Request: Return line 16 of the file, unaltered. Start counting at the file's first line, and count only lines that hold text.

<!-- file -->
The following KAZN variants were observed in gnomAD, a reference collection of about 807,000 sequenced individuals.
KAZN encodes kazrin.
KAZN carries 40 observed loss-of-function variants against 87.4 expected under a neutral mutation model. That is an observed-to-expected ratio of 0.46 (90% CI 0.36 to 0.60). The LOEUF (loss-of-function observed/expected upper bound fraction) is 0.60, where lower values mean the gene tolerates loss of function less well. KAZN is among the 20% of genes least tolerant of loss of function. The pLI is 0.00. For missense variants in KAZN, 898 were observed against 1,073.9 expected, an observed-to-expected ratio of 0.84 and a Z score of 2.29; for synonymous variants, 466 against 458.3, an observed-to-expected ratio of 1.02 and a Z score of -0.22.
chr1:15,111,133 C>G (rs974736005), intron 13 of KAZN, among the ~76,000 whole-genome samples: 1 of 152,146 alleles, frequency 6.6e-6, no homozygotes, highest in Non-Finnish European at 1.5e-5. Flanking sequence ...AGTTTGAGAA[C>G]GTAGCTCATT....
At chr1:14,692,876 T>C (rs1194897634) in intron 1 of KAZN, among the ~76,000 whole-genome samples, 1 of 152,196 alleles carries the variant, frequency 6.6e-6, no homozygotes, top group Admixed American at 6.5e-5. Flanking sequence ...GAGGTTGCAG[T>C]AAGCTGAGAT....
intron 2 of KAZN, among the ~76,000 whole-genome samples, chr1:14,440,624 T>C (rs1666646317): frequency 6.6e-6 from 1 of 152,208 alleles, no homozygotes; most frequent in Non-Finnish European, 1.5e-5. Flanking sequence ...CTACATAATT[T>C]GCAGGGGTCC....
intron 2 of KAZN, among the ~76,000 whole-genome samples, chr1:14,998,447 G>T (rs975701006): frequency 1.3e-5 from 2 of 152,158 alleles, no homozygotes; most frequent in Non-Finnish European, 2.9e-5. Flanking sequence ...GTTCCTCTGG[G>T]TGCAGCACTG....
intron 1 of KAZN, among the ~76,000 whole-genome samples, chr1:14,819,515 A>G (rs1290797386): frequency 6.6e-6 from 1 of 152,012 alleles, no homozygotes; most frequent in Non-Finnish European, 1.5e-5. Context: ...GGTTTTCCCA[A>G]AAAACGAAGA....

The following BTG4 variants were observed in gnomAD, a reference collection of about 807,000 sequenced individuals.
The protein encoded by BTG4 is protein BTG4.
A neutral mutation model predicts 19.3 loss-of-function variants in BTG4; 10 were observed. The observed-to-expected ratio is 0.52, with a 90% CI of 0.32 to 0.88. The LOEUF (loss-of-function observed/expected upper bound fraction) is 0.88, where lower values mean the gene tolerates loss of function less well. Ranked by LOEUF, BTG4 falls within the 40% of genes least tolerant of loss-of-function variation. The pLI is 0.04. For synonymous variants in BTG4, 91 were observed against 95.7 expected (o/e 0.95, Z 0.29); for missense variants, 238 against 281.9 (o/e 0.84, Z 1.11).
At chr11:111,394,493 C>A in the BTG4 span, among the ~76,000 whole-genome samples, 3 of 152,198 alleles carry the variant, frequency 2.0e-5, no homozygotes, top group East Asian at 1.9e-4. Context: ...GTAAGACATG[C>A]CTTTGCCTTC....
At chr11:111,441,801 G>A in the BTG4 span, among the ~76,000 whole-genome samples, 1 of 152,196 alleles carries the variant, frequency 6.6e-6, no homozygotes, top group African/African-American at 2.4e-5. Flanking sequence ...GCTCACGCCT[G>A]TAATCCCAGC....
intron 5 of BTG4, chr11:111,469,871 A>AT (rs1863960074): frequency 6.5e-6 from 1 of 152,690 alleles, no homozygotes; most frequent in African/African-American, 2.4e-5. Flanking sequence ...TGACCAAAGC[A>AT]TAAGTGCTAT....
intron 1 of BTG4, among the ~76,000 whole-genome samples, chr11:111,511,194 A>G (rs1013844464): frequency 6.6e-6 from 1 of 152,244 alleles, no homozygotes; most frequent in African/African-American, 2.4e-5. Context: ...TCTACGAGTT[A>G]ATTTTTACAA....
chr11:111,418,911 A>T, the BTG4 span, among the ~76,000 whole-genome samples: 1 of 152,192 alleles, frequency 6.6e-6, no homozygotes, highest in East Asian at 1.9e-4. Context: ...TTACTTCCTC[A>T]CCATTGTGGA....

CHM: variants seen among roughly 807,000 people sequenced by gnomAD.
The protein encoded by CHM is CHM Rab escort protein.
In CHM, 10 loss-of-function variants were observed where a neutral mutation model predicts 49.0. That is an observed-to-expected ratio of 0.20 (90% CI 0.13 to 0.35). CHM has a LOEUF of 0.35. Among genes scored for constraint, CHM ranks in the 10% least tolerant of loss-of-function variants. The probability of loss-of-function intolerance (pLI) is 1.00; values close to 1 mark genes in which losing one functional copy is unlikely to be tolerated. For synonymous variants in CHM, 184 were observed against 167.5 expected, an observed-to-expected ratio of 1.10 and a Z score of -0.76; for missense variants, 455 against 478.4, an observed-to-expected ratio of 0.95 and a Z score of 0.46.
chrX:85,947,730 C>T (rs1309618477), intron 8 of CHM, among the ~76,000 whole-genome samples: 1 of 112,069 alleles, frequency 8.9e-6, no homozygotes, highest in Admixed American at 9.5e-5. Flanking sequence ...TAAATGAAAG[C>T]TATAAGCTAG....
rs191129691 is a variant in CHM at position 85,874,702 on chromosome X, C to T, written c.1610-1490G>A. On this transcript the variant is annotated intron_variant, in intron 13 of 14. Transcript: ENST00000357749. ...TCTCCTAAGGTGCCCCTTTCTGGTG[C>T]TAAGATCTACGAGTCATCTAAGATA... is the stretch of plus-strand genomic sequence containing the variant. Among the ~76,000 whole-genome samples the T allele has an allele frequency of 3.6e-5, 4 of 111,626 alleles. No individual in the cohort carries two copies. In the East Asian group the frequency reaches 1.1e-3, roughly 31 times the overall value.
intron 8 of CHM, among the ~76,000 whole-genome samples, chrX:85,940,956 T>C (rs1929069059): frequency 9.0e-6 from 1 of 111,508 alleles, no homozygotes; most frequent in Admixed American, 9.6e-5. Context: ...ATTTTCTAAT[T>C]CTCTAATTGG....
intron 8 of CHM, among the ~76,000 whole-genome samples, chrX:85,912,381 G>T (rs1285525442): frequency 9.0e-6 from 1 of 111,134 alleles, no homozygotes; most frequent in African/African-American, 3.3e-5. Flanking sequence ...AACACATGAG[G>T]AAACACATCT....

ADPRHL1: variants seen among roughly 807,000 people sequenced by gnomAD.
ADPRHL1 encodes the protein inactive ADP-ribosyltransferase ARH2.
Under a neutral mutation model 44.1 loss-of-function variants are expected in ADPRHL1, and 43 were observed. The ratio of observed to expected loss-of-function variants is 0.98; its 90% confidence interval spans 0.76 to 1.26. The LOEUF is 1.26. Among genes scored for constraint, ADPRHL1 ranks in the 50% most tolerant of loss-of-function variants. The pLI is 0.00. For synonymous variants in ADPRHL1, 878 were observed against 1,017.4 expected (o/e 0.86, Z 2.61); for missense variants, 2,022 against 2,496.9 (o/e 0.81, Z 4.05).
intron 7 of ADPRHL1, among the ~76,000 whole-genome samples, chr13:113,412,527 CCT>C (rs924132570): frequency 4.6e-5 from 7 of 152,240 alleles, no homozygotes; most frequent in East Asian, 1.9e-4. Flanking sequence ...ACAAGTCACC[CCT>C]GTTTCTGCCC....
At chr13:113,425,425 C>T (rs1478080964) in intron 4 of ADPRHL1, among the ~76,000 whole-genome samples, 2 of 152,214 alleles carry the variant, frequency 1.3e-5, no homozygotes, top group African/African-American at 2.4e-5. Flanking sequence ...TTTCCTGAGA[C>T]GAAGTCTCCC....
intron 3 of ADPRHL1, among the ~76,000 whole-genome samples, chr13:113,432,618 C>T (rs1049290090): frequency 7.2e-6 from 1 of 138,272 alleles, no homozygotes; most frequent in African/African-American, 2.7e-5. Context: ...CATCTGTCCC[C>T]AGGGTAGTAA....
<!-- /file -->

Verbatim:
chr11:111,418,911 A>T, the BTG4 span, among the ~76,000 whole-genome samples: 1 of 152,192 alleles, frequency 6.6e-6, no homozygotes, highest in East Asian at 1.9e-4. Context: ...TTACTTCCTC[A>T]CCATTGTGGA....